With the whole of Brainchild forcefully woken up early each day, with the fear of being cooked by the sun’s crazy heat on the tents, day two started early ahead of what was arguably Brainchild’s strongest day for music. Young jazz trio Zeñel were an early highlight with a mind-blowing mix of traditional jazz and modern day electronics. Brighton’s Footshooter brought his brilliant bedroom-produced sound to the live stage, with a whole host of special talents sharing the stage. The sounds of 80s new wave took the shape of the intriguing Sorority, channelling the best of art pop maestro David Byrne. One of the best sets of the festival came from South London’s Project Karnak, merging synthesised electronic sounds and bringing them into jazz territories with vivacious drumming and outrageous guitar licks. The Dylema Collective continued the high standards with another uplifting and life affirming set of provoking soul music. Oscar Jerome proved that he’s a big talent for the future, drawing a big crowd to the main stage with a performance that unbelievably keeps getting better each time I see him. Meanwhile, the much lauded Emma-Jean Thackray brought her trumpet and band to the Kite Bar with a set that more than lived up to her hype. Lots of excitement surrounded Melbourne collective 30/70 coming to the festival and, with the aid of funky jazz licks and beautiful neo-soul harmonies, the large Australian troupe gave the audience what they wanted with a gleefully groove-ridden performance. Saturday’s headline set came in the form of another supergroup, but one that had never played live before – Asoma, an electronic collaborative project featuring Ben Hayes, Maxwell Owin, Jack Long and Jack Stephenson-Oliver. Their heavy techno beats rang large, with intense waves of dance music making sure everyone was moving on the Saturday night.

The third and final day of music in Brainchild’s creative paradise came quickly, after two incredible days of artistic splendour. Hush Moss hit the nail on the head of the incredible vibe the festival conjures up – with the lead singer of the Berlin-based act jumping into the crowd to sing and dance in the basking sun like no one was watching. Their funky r’n’b-pop, in toe with a stunning retro saxophonist, was perfect for the moment and had the smiling crowd at the Brain Stage calling for an encore. The futuristic soul of Noya Rao had everyone smooth grooving, before the emphatic psychedelic jazz fusion of Cykada raised the already high bar. Highlight of last year’s festival, Penya, were rewarded with the penultimate set on the Brain Stage, using their infectious afro/Latin live sound making sure everyone was loose and limber for one final night of partying. A quick stop at the Kite Bar to see the unique adorned talent of Alabaster Deplume, who sadly clashed with the relentless genius of Shabaka Hutchings and his Sons Of Kemet. Jubilantly closing the Brain Stage, the supergroup quartet featured Shabaka on sax, Theon Cross on tuba, with Tom Skinner and Seb Rochford on drums. The band showcased why they are one of the most exciting bands in jazz, expressing supreme technical ability, otherworldly endurance and the power to get an entire field to get down to their politically-charged and thunderous sound.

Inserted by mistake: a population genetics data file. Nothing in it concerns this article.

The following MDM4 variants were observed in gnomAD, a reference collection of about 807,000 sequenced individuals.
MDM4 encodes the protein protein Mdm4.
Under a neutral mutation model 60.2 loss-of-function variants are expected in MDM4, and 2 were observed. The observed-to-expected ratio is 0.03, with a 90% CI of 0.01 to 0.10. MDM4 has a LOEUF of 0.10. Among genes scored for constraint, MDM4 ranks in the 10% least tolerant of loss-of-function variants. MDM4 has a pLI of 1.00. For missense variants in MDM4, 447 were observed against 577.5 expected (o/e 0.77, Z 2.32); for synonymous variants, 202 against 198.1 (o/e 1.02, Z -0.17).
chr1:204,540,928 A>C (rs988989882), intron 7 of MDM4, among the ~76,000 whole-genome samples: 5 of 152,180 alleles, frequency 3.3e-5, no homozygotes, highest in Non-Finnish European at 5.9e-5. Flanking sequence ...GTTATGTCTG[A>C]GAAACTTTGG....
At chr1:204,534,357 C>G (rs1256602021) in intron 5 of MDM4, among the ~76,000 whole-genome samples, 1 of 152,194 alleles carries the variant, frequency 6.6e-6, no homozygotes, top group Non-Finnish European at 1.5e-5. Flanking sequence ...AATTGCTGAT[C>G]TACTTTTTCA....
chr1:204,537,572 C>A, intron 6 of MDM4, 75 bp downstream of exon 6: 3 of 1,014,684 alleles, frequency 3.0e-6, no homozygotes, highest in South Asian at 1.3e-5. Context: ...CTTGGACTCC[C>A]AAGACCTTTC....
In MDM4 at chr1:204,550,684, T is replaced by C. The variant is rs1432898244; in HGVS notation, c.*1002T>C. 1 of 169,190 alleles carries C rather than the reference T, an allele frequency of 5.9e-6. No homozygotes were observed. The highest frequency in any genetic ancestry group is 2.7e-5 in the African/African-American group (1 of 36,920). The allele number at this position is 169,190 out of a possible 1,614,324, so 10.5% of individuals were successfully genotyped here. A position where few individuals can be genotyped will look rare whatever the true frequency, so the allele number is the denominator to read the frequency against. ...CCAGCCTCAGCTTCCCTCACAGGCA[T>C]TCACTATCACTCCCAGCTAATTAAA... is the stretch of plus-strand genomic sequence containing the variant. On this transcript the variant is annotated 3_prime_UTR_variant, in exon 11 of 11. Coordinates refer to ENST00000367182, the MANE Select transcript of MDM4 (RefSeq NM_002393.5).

Another year and another brilliant festival, one that continues to get better each time. The new additions to Brainchild more than paid off – the new camping field which, though thistly, gave breathing space to the campers, the new Lemon Lounge stage perfectly acted as an intimate dancefloor in the day and a cosy jam spot in the night, and the introduction of a wider range of music prevailed with the likes of Horsey bringing their outrageously good rock opera to the Kite Bar for a mad performance on the closing night. Brainchild is a festival that you horribly miss once it’s over, a bliss filled utopia that goes some way to restoring faith in the power of our young generations, a festival that keeps you excited for the talents to come.

Iain Lauder